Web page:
OSWEGO – The Common Council voted unanimously Monday night to approve the city’s new “Social Host” law.
The new law is a version of legislation which has been enacted by various other municipalities in the state, explained Council Vice President Kevin Hill who brought the proposal to committee last month.
Oswego’s new law is slightly different from current New York State Legislation, Hill said. The state law only governs the actual giving or selling of alcohol to a person less than 21 years of age. Oswego’s Social Host law puts the responsibility on the host where such illegal acts may be occurring.
It makes it unlawful for any person older than the age of 18 who owns, rents, or otherwise controls a private residence, to knowingly allow the consumption of alcohol, alcoholic beverages or illegal drugs by any minor (younger than the age of 21) on such premises or to fail to take reasonable corrective action upon learning of the consumption of alcohol, alcoholic beverages or use of illegal drugs by any minor on such premises.
There has been a shift from large crowds in downtown bars, to more informal gatherings and house parties that generate complaints of disruption and disorder in our neighborhoods, Hill said at the committee meeting.
“We have an obligation to protect the quality of life of our residents and it’s time we take action by giving local law enforcement an additional tool to do just that,” Hill added.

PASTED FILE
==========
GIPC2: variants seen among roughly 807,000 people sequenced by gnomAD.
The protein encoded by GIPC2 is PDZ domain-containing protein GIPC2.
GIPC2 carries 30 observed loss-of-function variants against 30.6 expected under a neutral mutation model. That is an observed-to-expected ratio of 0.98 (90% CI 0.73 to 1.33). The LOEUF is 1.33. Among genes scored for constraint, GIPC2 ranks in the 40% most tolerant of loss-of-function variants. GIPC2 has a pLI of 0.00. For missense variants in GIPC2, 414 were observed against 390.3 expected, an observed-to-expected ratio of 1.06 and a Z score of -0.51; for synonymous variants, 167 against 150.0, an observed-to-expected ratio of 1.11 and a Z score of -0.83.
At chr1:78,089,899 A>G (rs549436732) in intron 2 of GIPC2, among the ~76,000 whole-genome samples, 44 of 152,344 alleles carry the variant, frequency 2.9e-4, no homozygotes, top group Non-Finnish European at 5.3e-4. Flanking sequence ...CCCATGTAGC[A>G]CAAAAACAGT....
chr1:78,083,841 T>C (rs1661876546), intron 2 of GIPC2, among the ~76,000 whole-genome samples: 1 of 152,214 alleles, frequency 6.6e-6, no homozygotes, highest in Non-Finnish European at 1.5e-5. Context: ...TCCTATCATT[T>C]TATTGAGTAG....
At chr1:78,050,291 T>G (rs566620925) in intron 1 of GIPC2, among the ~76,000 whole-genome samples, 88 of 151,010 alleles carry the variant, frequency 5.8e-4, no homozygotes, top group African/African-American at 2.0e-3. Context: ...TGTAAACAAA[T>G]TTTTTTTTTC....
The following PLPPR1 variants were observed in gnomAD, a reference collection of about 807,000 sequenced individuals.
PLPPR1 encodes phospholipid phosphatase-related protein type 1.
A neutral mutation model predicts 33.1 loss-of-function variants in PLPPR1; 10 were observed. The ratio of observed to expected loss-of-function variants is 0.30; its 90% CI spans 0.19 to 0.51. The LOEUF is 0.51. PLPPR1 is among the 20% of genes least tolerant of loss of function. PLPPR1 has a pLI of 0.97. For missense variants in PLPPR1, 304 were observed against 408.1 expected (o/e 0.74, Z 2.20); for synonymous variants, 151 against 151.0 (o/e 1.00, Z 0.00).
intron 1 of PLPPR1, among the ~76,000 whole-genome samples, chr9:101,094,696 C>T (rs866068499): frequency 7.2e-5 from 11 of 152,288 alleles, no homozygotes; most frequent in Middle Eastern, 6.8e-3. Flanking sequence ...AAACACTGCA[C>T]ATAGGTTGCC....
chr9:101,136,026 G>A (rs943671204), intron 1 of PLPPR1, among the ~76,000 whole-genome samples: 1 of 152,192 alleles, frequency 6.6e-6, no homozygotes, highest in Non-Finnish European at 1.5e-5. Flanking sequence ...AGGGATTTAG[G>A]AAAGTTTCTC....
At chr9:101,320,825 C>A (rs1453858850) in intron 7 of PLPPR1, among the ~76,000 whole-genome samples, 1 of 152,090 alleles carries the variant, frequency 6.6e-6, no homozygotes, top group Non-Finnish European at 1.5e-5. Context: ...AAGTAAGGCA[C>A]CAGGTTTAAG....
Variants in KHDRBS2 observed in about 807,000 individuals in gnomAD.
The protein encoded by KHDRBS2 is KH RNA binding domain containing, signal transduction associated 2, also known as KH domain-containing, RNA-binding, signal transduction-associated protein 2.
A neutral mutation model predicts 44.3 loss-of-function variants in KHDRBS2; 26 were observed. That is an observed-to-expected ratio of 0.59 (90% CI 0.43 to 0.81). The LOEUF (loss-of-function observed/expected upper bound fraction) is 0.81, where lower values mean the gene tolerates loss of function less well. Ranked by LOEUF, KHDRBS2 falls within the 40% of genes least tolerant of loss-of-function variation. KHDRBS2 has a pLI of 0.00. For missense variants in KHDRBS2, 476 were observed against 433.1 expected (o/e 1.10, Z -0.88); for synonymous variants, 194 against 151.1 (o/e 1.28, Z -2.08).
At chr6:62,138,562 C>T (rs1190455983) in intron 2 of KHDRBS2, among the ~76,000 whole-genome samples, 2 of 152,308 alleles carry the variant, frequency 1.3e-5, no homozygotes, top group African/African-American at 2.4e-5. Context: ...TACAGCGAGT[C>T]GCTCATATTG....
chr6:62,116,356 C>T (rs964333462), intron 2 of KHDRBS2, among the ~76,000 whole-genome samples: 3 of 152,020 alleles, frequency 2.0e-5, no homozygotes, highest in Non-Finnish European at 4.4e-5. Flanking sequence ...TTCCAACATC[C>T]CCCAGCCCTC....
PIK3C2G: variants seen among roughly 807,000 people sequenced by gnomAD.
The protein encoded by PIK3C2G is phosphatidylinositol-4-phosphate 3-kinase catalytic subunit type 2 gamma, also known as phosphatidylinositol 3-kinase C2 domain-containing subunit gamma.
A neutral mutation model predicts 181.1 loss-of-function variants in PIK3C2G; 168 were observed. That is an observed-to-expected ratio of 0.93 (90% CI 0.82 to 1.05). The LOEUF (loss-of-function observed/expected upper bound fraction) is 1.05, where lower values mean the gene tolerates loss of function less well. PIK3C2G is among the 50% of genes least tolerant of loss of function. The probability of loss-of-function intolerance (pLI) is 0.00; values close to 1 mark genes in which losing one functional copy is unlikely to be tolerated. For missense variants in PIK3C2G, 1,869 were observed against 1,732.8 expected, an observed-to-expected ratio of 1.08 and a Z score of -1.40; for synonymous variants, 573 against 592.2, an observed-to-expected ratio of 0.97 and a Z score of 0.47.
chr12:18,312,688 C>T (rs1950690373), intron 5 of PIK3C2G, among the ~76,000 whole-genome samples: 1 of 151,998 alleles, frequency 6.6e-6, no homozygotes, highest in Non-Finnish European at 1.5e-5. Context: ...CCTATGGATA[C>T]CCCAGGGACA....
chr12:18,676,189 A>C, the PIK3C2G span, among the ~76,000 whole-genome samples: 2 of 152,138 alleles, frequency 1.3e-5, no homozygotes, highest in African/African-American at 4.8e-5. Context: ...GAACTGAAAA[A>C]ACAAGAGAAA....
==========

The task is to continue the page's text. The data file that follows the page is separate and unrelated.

Tyler Ahart of the Oswego County Prevention Coalition spoke in favor of the law at Monday’s public hearing prior to the regular meeting. The coalition’s mission is to reduce substance abuse on the county.
“It is my belief this law will do just that,” he told the councilors.
He shared data from a recent youth development survey. It detailed youth’s use of things like prescription drugs, alcohol, cigarettes and marijuana.
Hill said this is part of city’s on-going efforts to improve the quality of life for all residents.
He praised the relationship between the city police and the University Police at SUNY Oswego. Hill said he is proud of the local law and thanked those who helped turn the proposal into law
Fines for violations (an unclassified misdemeanor) shall be $250 for the first offense. It jumps to $500 for a second offense. Subsequent offenses: anyone who violates the law more than twice within two years of the second offense will face a $1,000 fine, a year in jail or both.
The local law will take effect upon filing with the Secretary of State.